It’s been a hot summer, both on and off the field, for the New Zealand cricket team, with the home calendar for international assignments concluding with a resounding draw — enough to secure a rare Test series win against one of the best Test teams in the world.
It has been an ‘Indian Summer’ for Brendon McCullum and the Black Caps, with the Indian and West Indian sides visiting New Zealand.
Much to the delight of every cricket fan in New Zealand, McCullum and his team have come out on top in both Test series, performing with a consistency not seen by watchers of New Zealand cricket for decades.
Success in the shorter formats against both sides also bodes well for the ICC World Cup next year, when New Zealand will enjoy home advantage while co-hosting the tournament with Australia.
But the talk of the summer really has been the side’s much improved performances in Tests and it has come with McCullum leading from the front — with newfound self-control and a sense of calm. This has brought some balance to a character who has never backed down from a challenge and has played high-risk high return cricket in the past.
McCullum, the number-one ranked batsman in the ICC’s ratings for T20, has curbed his natural strokeplay and accepted the responsibility to lead the side. He has bailed them out of several difficult positions this summer — none more perilous than during the last Test, when he strode in the team were 94/5 in the 2nd innings, still 152 runs shy of making India bat again.
That’s when McCullum really knuckled down. In BJ Watling, he found a partner with who he could temper his natural aggression and inhibit his instinctive desire to destroy the bowling attack in a very public display of disdain. His 775-minute stay is the longest innings on record in Tests by a New Zealander. He also became the first Black Cap to score a Test triple-century — two amazing feats made even more impressive because they were achieved by the man who is currently the world’s best batsman in the shortest form of the game.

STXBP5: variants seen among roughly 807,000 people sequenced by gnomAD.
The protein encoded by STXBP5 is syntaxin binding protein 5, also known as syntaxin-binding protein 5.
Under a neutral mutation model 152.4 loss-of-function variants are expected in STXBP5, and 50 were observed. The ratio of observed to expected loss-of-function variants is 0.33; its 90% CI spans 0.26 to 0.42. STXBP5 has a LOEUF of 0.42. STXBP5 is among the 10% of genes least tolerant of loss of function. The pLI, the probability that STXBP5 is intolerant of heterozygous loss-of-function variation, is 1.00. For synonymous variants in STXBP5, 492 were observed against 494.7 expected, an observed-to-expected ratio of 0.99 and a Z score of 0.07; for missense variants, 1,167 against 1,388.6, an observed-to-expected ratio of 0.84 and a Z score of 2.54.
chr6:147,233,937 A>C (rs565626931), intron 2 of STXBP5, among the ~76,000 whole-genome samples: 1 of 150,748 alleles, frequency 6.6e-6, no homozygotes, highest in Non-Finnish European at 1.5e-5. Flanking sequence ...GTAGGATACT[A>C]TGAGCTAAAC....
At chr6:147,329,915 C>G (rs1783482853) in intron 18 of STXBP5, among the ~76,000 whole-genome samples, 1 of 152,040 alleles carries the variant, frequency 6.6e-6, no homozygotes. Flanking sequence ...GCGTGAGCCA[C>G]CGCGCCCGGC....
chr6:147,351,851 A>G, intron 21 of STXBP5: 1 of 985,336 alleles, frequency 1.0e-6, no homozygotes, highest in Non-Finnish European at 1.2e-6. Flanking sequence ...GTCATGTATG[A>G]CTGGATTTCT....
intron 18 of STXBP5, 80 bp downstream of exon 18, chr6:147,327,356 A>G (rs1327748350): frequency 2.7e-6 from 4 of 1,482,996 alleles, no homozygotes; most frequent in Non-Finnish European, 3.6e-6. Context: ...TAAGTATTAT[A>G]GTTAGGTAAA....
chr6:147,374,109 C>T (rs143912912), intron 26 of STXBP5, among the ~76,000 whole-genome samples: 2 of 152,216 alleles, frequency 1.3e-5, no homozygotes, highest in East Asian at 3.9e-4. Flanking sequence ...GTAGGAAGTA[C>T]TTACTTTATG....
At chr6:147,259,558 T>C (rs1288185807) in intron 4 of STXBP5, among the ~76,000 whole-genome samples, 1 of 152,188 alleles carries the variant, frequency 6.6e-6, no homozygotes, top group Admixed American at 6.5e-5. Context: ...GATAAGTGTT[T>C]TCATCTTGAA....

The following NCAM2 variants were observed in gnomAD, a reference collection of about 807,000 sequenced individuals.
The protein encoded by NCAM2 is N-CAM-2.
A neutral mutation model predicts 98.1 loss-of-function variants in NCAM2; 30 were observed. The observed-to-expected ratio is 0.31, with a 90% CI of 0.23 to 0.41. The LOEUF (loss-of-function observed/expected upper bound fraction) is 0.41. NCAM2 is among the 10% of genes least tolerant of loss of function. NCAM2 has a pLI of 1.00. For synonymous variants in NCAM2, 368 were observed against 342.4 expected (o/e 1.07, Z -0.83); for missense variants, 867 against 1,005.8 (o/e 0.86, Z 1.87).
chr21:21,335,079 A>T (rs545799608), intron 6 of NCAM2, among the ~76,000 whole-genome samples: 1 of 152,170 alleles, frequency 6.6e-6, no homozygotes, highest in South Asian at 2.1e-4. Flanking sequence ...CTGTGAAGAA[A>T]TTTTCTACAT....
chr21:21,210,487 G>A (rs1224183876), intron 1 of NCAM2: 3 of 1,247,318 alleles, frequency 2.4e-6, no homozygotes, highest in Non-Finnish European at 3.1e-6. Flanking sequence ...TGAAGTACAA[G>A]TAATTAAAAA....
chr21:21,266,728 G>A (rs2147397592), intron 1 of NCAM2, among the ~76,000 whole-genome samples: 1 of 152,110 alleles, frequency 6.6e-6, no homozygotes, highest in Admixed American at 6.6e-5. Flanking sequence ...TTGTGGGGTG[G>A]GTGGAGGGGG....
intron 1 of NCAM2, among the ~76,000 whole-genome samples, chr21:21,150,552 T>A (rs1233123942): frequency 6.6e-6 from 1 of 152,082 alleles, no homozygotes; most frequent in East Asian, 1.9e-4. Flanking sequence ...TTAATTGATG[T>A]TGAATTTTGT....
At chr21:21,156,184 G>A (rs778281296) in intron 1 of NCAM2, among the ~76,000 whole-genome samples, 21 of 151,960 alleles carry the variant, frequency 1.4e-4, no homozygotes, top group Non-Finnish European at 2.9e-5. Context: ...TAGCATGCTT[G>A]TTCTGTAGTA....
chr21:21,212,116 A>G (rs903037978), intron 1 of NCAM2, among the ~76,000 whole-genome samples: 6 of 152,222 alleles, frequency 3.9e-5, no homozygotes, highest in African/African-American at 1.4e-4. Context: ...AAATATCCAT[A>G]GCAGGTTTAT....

The signs are there that McCullum has come of age and has an understanding of his game that, hopefully, sets him up to achieve the greatness many bestowed upon him at an early age. He has always been a leader, regardless of whether he had the Captain’s “c” next to his name. Unfortunately, the controversy that surrounded Ross Taylor’s removal from the top spot tainted the new regime and quite possibly, stunted McCullum’s and the Black Caps’ growth at a time when a raft of young talent was coming through.
Now, with all that behind them, we are seeing what can happen when a motivated captain works closely with a well-organised coaching staff to create a style of play and a team ethos that everyone believes in, and the captain lives by.
Mike Hesson, the current Black Caps coach, has a long history of working closely with McCullum. Having come through Otago’s coaching system, it is no surprise that they’ve continued to build on that rapport with the national team. Hesson is a meticulous planner and in a country obsessed by many of it’s former sports-men and women, he has done exceptionally well to make it to the top without having played international cricket. There were many doubters before his appointment, but there was only one choice for captain once he was confirmed as coach.
The Otago connection is strong and I have no doubt some serious thought and planning is going into the upcoming ICC World T20 to try and build on the momentum the team have generated, and secure a rare trophy on the world stage.
New Zealand has a young, dynamic and talented side that will be capable of upsetting anyone when they perform to potential. So, the New Zealand public has every right to be excited about what lies ahead. With individuals like McCullum, Corey Anderson, Jimmy Neesham and Ross Taylor in the side, any one of them could take a game by the scruff of the neck and get New Zealand across the line.
The challenge that lies ahead for McCullum is how to harness that power and create an environment that gets the best out of all his players in a way that conforms to the team’s strategy and has the end goal in sight. McCullum need only look in the mirror to see the best example of what can be achieved when you harness raw power and put it in a space where it can capitalise on its talents, delivering on what the team is trying to achieve.
It has undoubtedly been a spectacular summer for McCullum and the BlackCaps but New Zealand fans, worn down and skeptical after years of frustration, will want to see this progress continue before they buy in to the Cricket World Cup hype and excitement that awaits them next summer. Just the type of challenge McCullum relishes.
(The writer is a former New Zealand international.He tweets @petermcglashan)